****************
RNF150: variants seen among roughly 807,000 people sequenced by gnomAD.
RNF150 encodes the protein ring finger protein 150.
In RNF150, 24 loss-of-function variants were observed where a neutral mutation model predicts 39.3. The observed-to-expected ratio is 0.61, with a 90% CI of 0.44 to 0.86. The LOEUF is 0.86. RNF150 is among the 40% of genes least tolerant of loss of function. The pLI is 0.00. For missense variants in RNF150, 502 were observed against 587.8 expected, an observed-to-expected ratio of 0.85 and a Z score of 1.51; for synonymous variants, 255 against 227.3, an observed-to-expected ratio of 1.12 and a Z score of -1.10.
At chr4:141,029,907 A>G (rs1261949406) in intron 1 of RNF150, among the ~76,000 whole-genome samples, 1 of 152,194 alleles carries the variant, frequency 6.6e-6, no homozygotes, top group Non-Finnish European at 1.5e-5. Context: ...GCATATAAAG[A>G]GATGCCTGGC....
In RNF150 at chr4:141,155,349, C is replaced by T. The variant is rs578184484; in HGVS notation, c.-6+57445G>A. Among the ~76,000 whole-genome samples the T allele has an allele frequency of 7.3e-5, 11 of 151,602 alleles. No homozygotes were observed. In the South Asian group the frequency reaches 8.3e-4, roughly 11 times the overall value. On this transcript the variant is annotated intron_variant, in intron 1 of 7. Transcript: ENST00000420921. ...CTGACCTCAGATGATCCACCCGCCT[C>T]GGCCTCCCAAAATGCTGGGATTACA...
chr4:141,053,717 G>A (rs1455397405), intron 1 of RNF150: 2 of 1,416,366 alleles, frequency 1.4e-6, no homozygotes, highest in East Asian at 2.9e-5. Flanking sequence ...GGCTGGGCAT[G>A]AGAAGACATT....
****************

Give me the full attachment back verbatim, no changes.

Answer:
RNF150: variants seen among roughly 807,000 people sequenced by gnomAD.
RNF150 encodes the protein ring finger protein 150.
In RNF150, 24 loss-of-function variants were observed where a neutral mutation model predicts 39.3. The observed-to-expected ratio is 0.61, with a 90% CI of 0.44 to 0.86. The LOEUF is 0.86. RNF150 is among the 40% of genes least tolerant of loss of function. The pLI is 0.00. For missense variants in RNF150, 502 were observed against 587.8 expected, an observed-to-expected ratio of 0.85 and a Z score of 1.51; for synonymous variants, 255 against 227.3, an observed-to-expected ratio of 1.12 and a Z score of -1.10.
At chr4:141,029,907 A>G (rs1261949406) in intron 1 of RNF150, among the ~76,000 whole-genome samples, 1 of 152,194 alleles carries the variant, frequency 6.6e-6, no homozygotes, top group Non-Finnish European at 1.5e-5. Context: ...GCATATAAAG[A>G]GATGCCTGGC....
In RNF150 at chr4:141,155,349, C is replaced by T. The variant is rs578184484; in HGVS notation, c.-6+57445G>A. Among the ~76,000 whole-genome samples the T allele has an allele frequency of 7.3e-5, 11 of 151,602 alleles. No homozygotes were observed. In the South Asian group the frequency reaches 8.3e-4, roughly 11 times the overall value. On this transcript the variant is annotated intron_variant, in intron 1 of 7. Transcript: ENST00000420921. ...CTGACCTCAGATGATCCACCCGCCT[C>T]GGCCTCCCAAAATGCTGGGATTACA...
chr4:141,053,717 G>A (rs1455397405), intron 1 of RNF150: 2 of 1,416,366 alleles, frequency 1.4e-6, no homozygotes, highest in East Asian at 2.9e-5. Flanking sequence ...GGCTGGGCAT[G>A]AGAAGACATT....